Jailed former IMF chief Rodrigo Rato, who is serving a 4.5-year sentence for misuse of funds, is to be moved to a semi-open prison regime, a Spanish court said Thursday.
The National Court announcement came two days after Rato was acquitted in another case of fraud and falsifying the books during the 2011 flotation of Spain’s Bankia, a symbol of the country’s banking crisis.
In a statement, the court said his transfer to a semi-open regime would be monitored by an electronic bracelet.
A former rightwing minister, Rato was jailed on October 25, 2018, for paying for personal expenses with company credit cards while he was boss of Caja Madrid and Bankia at a time when both banks were struggling financially.
The case sparked outrage in Spain when it hit the headlines at the height of a severe economic crisis that left many people struggling financially — made all the worse when Bankia had to be rescued by a government bailout.
On Tuesday, he was acquitted in another Bankia case, with the National Court exonerating him of knowingly tricking investors into buying shares by presenting a misleading image of the bank ahead of its flotation.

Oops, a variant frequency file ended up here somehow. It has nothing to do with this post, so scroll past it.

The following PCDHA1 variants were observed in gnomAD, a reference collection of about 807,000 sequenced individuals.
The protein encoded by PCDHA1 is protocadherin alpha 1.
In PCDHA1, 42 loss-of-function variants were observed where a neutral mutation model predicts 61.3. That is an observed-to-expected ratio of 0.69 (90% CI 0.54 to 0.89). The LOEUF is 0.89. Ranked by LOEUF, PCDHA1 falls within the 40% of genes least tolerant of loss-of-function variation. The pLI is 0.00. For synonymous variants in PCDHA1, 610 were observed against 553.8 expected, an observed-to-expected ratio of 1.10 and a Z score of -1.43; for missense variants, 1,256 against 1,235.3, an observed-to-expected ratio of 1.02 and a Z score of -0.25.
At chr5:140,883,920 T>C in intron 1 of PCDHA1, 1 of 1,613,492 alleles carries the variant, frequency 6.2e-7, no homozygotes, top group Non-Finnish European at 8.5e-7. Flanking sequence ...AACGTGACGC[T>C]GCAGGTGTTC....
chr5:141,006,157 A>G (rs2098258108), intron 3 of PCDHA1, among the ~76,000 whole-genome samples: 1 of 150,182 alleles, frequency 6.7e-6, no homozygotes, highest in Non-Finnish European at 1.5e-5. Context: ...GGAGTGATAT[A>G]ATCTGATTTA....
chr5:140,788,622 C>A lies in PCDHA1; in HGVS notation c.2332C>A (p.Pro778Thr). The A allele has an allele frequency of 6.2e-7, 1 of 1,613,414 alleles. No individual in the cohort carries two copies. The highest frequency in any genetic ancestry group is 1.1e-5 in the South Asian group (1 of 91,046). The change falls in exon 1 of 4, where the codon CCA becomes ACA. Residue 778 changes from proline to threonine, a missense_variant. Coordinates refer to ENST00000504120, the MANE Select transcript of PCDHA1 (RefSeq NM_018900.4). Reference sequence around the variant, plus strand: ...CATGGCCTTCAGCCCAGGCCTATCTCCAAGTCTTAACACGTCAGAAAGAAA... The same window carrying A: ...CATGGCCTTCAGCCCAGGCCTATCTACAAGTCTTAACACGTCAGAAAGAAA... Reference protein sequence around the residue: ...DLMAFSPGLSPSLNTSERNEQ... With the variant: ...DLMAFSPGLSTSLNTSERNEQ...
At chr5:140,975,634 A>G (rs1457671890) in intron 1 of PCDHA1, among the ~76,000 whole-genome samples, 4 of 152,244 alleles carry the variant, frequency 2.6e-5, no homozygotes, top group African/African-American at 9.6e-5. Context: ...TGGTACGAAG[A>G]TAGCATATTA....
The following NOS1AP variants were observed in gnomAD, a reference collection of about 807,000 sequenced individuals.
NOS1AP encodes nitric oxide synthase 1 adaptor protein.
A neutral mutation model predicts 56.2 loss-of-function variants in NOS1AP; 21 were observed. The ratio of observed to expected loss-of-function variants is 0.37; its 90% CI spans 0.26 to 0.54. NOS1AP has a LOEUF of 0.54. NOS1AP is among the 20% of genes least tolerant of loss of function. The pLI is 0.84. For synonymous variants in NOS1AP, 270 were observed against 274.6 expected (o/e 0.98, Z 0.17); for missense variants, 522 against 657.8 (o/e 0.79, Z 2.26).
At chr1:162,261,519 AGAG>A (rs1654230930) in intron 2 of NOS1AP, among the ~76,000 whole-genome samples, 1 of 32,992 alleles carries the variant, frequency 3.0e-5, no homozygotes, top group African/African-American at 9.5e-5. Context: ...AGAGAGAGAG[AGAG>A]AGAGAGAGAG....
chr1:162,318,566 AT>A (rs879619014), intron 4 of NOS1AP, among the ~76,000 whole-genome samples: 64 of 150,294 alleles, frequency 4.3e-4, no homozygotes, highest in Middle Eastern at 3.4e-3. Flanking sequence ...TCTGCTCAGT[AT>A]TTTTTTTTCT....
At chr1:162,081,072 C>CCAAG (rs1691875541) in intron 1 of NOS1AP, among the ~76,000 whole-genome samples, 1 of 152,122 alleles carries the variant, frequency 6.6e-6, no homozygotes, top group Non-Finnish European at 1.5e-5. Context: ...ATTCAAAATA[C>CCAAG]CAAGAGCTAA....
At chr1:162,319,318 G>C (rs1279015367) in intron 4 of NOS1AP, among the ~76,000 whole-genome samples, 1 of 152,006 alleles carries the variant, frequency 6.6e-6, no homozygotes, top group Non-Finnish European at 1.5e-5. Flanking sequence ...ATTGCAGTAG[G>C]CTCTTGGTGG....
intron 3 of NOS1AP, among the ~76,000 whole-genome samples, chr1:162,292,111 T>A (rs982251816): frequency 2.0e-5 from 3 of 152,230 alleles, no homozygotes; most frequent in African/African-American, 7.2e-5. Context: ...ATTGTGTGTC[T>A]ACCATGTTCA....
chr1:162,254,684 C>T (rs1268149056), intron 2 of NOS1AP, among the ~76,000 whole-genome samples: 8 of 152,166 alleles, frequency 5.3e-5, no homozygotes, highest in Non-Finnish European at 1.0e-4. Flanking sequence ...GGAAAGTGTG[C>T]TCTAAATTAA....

Presented as a prosperous business, Bankia’s listing was very popular with small investors who rushed to buy shares only to see their savings disappear a year later as the bank teetered on the brink of bankruptcy.
The state was forced to nationalise the bank, injecting 22 billion euros ($25.7 billion) into it in 2012 to keep it from collapsing at a time when the economy was mired in crisis.
The change in Rato’s prison regime could be “reconsidered” if he is convicted in any of the other cases he is currently facing for corruption and tax fraud, the court said.
Rato was economy minister and deputy prime minister in the conservative government of Jose Maria Aznar from 1996 to 2004, before going on to head the IMF.